Definition 2

(Cluster). Given a time series X and a parameter set \(\theta\) comprising \(\alpha\) and \(\beta\), a cluster that is computed based on \(\beta\) is a set of segments that follows Definition 1. Each cluster can be referred to a behavioral mode.

Given \(L_{i}\), \(E_{j}\), and clustering parameter sets \(\theta _{n}\) and \(\theta _{m}\), we have \(L_{i,\theta _{n}}\) and \(E_{j,\theta _{m}}\), which are respectively the clustering results of \(L_{i}\) and \(E_{j}\). The clustering result \(L_{i,\theta _{n}}\) contains clusters, and each cluster (i.e., behavioral mode) is composed of segments belonging to the behavioral mode. Let \(L_{i,\theta _{n}}^{p}\) (\(E_{j,\theta _{m}}^{q}\)) be the p-th (q-th) cluster (i.e., the behavioral mode) in \(L_{i,\theta _{n}}\) (\(E_{j,\theta _{m}}\)). Note that p (q) is larger than or equal to 1 and smaller than or equal to the number of clusters. Here, we defined the score of the pair of \(L_{i,\theta _{n}}^{p}\) and \(E_{j,\theta _{m}}^{q}\).

Definition 3

(Score\((L_{i,\theta _{n}}^{p},E_{j,\theta _{m}}^{q})\)). Given \(L_{i,\theta _{n}}^{p} = \{s^{p}_{1},s^{p}_{2},...\}\) and \(E_{j,\theta _{m}}^{q} = \{s^{q}_{1},s^{q}_{2},...\}\),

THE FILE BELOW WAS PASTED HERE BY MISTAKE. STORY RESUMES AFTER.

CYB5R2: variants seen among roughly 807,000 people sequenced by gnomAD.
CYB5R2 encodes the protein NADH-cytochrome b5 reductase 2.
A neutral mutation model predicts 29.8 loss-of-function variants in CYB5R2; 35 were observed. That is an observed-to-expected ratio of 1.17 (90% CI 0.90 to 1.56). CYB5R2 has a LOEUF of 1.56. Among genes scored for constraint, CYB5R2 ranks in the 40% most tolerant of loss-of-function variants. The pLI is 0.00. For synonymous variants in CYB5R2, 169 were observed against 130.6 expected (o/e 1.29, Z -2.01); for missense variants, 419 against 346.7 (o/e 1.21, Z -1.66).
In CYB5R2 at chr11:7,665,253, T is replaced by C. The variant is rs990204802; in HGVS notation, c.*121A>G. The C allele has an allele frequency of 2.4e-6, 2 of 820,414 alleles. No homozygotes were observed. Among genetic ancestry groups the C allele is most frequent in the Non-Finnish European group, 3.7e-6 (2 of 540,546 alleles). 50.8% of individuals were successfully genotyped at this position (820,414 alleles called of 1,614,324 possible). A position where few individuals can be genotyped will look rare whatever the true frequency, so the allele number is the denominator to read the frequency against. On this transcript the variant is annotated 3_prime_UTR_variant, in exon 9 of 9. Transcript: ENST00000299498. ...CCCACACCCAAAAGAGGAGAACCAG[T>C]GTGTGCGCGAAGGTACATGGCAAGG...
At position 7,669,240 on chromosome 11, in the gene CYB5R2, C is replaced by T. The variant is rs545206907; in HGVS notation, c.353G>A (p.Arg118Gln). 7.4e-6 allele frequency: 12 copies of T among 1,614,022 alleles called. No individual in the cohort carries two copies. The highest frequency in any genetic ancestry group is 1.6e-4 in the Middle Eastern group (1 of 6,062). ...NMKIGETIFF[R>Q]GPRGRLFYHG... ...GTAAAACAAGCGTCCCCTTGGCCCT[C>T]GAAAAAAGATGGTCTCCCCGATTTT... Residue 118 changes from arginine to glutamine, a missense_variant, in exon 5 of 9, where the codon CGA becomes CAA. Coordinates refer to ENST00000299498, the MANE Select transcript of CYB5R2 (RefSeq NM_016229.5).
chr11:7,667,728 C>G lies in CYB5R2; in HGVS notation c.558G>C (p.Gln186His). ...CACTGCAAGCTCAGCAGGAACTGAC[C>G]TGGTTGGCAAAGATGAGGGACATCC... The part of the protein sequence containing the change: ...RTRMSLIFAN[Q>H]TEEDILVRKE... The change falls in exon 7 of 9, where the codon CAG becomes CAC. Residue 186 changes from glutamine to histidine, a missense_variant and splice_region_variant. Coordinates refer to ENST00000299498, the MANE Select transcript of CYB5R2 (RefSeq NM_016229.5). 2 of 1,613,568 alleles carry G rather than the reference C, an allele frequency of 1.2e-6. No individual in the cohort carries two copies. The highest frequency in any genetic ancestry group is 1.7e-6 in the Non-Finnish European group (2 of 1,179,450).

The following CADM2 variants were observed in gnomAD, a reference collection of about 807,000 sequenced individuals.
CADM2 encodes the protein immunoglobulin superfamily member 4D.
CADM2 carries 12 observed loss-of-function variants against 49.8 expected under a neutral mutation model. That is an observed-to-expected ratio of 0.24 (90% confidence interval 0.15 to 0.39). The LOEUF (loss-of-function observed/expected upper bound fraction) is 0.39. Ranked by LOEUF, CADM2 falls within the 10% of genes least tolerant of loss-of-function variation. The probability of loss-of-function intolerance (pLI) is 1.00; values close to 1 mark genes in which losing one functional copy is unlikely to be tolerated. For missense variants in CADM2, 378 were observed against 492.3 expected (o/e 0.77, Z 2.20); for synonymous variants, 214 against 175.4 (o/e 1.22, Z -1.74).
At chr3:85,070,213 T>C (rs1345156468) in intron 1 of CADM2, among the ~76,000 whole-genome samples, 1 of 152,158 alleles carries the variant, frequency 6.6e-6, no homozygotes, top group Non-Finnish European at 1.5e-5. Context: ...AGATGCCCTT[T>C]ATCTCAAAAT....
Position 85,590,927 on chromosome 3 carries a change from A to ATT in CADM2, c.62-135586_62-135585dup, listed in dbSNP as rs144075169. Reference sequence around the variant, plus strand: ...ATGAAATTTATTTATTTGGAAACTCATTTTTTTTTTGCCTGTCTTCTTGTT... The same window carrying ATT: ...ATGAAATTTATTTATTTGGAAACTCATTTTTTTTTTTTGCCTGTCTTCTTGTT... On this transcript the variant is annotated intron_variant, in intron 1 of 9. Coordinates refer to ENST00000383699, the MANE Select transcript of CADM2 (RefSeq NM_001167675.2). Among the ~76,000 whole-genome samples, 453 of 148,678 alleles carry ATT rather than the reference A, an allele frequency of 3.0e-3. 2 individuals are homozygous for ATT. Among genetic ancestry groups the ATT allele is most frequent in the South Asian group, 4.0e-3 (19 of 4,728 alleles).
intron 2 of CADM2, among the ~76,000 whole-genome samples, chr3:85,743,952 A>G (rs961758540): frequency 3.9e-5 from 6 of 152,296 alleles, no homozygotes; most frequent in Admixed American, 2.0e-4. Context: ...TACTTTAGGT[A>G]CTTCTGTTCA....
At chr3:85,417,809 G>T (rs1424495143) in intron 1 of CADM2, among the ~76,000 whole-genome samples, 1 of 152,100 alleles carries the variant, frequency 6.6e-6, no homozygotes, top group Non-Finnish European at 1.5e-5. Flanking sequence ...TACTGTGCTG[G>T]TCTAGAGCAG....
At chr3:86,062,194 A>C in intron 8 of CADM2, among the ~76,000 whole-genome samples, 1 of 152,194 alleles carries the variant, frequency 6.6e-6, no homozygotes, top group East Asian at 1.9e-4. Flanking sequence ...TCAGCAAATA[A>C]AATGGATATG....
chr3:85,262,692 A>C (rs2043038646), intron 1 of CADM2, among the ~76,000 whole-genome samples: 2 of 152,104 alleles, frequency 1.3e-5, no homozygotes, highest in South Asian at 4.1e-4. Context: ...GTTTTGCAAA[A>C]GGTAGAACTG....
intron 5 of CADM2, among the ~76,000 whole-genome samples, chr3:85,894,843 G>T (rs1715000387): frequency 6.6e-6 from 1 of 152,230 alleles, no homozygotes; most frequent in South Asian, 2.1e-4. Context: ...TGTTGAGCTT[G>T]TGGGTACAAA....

$$\begin{aligned}&{Score}(L_{i,\theta _{n}}^{p},E_{j,\theta _{m}}^{q}) \\&\quad = {Corr}(L_{i,\theta _{n}}^{p},E_{j,\theta _{m}}^{q}) - {Freq}(L_{i,\theta _{n}}^{p},E_{j,\theta _{m}}^{q}), \end{aligned}$$

where

$$\begin{aligned} {Corr}(L_{i,\theta _{n}}^{p},E_{j,\theta _{m}}^{q}) = \frac{\sum _{n,m}|s^{p}_{n}.t \cap s^{q}_{m}.t|}{\sum _{m}|s^{q}_{m}.t|} \end{aligned}$$

and

$$\begin{aligned} {Freq}(L_{i,\theta _{n}}^{p},E_{j,\theta _{m}}^{q}) = C\frac{ \max (\sum _{n}|s^{p}_{n}.t|,\sum _{m}|s^{q}_{m}.t|)}{ |L_i| }. \end{aligned}$$